S. African Ambassador On Nation's Reform

INTERVIEW

SOUTH African Ambassador to the United States Harry Schwarz spoke with the Monitor's editors in Boston on Aug. 24. On the day of his visit the Monitor carried an article by our South Africa correspondent, John Battersby, reporting allegations of the existence of a `Third Force' of security force operatives sabotaging the move to majority rule. The editors asked the ambassador for his reaction. Excerpts follow: On progress toward reform:

One of the things that is being overlooked is what has actually been achieved as opposed to what hasn't been achieved. Since [President Frederik] de Klerk came into power, he has repealed 100 laws entrenching race discrimination, which on the one hand demonstrates his willingness to do it and on the other hand demonstrates how deeply apartheid is ingrained in the society. On the breakoff of negotiations:

The [CODESA] negotiations were broken off, and I think they were broken off by the [African National Congress] largely for two reasons.

The first is that it's important to the ANC to demonstrate to its own constituency that it is not being coopted. There is an argument that the more radical elements of the ANC forced the situation. That may be partially true. But the reality is that if the ANC loses credibility in its own constituency, it is not an effective negotiating partner.

The second, which is not as important, is that the ANC wanted to demonstrate to the government its own power and its own support in the electorate. Having the national strikes, the demonstrations, mass action in all its forms, that was a demonstration of power to the government.

But it doesn't look too bad for a resumption [of talks]. On Third-Force allegations:

I think that the security forces are engaged in activities that they should not be in. The extent of it is open to question and debate. The difficulty that exists is that it doesn't require large numbers of people to undermine a situation. A few people in key positions can also do a lot of damage.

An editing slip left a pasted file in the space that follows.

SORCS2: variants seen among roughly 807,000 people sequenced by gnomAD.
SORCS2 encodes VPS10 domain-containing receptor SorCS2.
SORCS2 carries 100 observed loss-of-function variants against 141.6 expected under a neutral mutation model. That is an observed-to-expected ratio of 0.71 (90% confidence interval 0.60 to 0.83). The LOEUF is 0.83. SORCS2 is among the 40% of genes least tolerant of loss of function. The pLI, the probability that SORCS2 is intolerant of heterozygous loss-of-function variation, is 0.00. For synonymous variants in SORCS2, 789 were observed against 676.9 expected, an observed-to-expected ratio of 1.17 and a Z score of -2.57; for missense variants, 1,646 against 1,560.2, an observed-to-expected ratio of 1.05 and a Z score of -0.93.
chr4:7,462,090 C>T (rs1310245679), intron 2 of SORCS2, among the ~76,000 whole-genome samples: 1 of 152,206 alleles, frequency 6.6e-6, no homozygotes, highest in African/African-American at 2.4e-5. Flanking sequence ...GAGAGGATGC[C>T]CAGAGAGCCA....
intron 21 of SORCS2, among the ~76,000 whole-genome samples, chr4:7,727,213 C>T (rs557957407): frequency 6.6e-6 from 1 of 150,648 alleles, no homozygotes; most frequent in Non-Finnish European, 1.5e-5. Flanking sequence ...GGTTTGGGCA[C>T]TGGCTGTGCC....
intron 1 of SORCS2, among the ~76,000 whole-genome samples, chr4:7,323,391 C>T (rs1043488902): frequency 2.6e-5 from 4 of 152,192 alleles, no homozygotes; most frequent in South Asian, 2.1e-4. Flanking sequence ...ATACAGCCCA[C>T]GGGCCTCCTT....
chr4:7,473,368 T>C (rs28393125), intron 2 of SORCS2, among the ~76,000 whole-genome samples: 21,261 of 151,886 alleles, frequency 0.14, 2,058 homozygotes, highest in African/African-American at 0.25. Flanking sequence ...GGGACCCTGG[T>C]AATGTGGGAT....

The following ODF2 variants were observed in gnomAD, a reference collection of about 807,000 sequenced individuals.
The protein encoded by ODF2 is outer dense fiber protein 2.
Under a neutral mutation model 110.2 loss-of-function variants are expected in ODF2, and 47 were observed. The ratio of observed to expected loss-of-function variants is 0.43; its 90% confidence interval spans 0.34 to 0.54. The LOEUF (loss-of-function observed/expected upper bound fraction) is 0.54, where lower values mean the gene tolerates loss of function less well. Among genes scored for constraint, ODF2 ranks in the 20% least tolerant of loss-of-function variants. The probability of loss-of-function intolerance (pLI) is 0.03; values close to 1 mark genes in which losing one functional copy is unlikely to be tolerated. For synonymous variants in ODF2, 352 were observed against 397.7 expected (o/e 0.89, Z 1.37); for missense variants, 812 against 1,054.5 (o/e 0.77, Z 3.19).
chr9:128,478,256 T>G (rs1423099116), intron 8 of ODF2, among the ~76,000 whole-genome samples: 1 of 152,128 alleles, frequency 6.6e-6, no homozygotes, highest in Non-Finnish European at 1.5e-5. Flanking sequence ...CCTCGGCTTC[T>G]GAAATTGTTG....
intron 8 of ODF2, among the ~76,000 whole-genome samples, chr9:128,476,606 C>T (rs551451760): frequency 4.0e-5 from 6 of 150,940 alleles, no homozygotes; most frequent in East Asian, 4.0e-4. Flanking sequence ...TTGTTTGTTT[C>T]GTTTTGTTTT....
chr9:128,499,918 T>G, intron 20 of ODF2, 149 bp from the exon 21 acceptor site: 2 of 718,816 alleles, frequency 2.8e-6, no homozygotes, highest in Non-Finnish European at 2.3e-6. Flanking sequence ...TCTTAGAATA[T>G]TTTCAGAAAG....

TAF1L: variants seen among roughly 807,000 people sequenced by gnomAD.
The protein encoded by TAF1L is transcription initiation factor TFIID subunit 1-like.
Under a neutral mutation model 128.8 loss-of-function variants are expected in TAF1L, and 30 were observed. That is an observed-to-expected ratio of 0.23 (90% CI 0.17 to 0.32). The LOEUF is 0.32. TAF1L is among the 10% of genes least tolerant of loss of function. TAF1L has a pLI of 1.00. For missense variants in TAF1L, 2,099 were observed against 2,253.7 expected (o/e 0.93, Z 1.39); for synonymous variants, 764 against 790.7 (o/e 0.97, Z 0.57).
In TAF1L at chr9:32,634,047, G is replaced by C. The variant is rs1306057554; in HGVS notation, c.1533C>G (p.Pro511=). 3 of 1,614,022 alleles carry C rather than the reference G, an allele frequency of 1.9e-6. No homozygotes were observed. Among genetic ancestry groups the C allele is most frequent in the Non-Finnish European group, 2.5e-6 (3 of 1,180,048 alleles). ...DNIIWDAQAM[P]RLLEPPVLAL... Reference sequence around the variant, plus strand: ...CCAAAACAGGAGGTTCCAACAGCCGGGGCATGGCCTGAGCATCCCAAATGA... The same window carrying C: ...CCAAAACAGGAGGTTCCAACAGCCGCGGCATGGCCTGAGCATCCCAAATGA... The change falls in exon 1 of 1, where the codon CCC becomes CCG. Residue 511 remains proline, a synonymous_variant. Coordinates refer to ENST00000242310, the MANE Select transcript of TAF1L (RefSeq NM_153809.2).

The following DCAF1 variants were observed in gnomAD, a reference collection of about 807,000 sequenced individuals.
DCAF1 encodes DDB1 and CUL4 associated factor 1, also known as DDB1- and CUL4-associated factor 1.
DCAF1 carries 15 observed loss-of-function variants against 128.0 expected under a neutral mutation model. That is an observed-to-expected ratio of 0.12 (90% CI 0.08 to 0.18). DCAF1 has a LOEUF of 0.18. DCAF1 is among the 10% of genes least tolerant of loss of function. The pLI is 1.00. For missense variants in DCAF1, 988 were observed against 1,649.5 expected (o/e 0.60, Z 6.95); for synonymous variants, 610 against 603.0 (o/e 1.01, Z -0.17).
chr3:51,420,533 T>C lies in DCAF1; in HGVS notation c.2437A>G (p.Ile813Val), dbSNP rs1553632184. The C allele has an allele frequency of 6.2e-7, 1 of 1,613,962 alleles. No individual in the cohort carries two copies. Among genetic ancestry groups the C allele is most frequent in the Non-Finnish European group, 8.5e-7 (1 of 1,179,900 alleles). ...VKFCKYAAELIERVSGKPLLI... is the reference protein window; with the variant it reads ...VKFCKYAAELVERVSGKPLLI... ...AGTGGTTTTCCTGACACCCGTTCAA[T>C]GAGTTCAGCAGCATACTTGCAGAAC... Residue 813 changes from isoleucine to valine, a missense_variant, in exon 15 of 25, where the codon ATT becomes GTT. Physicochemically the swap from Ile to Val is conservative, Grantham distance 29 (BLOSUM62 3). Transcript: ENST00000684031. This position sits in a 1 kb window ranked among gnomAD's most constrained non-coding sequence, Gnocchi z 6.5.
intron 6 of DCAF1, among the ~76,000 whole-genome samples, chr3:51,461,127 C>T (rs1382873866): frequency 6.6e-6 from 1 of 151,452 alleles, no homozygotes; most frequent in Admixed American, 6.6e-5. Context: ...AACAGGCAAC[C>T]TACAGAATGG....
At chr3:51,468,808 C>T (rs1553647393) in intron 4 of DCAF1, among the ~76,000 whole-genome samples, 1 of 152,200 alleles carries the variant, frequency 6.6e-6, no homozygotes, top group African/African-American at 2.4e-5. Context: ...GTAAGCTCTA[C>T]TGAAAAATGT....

One must also bear in mind that the country needs a security force and needs a police force. If it didn't exist, it would be a bigger disaster. In my [early political] speeches I kept saying that we should increase the size of the police force. And we should train them to deal with [violence] because at the time when change comes, that is the greatest time of instability, and that's the time we need law and order more than at any other time.

I've always been against apartheid. But what about the person who's been brought up from childhood believing that apartheid is the right thing? Being then in the police force, enforcing the apartheid rules, and suddenly on February 1990, being told, "Look here, from now on it's different. You're going to have a different approach to learn." It's not so easy to deal with that situation. I don't rationalize it and I don't justify it. But I understand why they're doing it

I have doubts as to whether there is a nationwide organization that dominates our security force. There's been no proof up until now. But, I'm sitting in Washington.... I would much rather have reliance upon the Goldstone Commission, which is held in high repute. I think if there is evidence, [the government-appointed commission of inquiry into violence] will get to the bottom of it.

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